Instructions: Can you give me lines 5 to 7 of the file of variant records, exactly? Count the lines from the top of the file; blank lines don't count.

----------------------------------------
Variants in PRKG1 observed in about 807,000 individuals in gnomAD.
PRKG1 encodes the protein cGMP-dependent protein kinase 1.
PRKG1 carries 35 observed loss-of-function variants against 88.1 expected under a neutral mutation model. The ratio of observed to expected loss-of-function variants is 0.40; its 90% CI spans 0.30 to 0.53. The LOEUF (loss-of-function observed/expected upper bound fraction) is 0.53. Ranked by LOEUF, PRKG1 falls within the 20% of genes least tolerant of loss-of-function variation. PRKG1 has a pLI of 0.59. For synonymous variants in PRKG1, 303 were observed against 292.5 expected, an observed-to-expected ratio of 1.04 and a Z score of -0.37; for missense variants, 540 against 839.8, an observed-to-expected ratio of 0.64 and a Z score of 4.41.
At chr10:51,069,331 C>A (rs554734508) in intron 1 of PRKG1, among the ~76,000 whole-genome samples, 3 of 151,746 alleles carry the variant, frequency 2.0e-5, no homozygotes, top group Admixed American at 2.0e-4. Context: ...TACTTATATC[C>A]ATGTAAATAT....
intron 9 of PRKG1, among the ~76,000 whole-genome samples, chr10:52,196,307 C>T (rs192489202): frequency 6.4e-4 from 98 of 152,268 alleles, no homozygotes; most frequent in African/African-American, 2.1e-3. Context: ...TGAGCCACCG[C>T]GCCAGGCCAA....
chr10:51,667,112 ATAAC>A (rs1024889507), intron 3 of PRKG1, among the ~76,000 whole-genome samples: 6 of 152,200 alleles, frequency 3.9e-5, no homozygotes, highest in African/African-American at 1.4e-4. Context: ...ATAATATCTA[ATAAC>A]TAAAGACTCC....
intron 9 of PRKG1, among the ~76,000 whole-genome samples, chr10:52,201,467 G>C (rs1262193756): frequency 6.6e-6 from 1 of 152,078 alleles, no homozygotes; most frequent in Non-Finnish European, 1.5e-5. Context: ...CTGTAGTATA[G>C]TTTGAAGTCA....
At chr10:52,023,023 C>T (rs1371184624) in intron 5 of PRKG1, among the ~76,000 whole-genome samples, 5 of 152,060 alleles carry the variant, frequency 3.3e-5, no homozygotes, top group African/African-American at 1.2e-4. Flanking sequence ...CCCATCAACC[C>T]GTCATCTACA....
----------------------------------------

intron 9 of PRKG1, among the ~76,000 whole-genome samples, chr10:52,196,307 C>T (rs192489202): frequency 6.4e-4 from 98 of 152,268 alleles, no homozygotes; most frequent in African/African-American, 2.1e-3. Context: ...TGAGCCACCG[C>T]GCCAGGCCAA....
chr10:51,667,112 ATAAC>A (rs1024889507), intron 3 of PRKG1, among the ~76,000 whole-genome samples: 6 of 152,200 alleles, frequency 3.9e-5, no homozygotes, highest in African/African-American at 1.4e-4. Context: ...ATAATATCTA[ATAAC>A]TAAAGACTCC....
intron 9 of PRKG1, among the ~76,000 whole-genome samples, chr10:52,201,467 G>C (rs1262193756): frequency 6.6e-6 from 1 of 152,078 alleles, no homozygotes; most frequent in Non-Finnish European, 1.5e-5. Context: ...CTGTAGTATA[G>C]TTTGAAGTCA....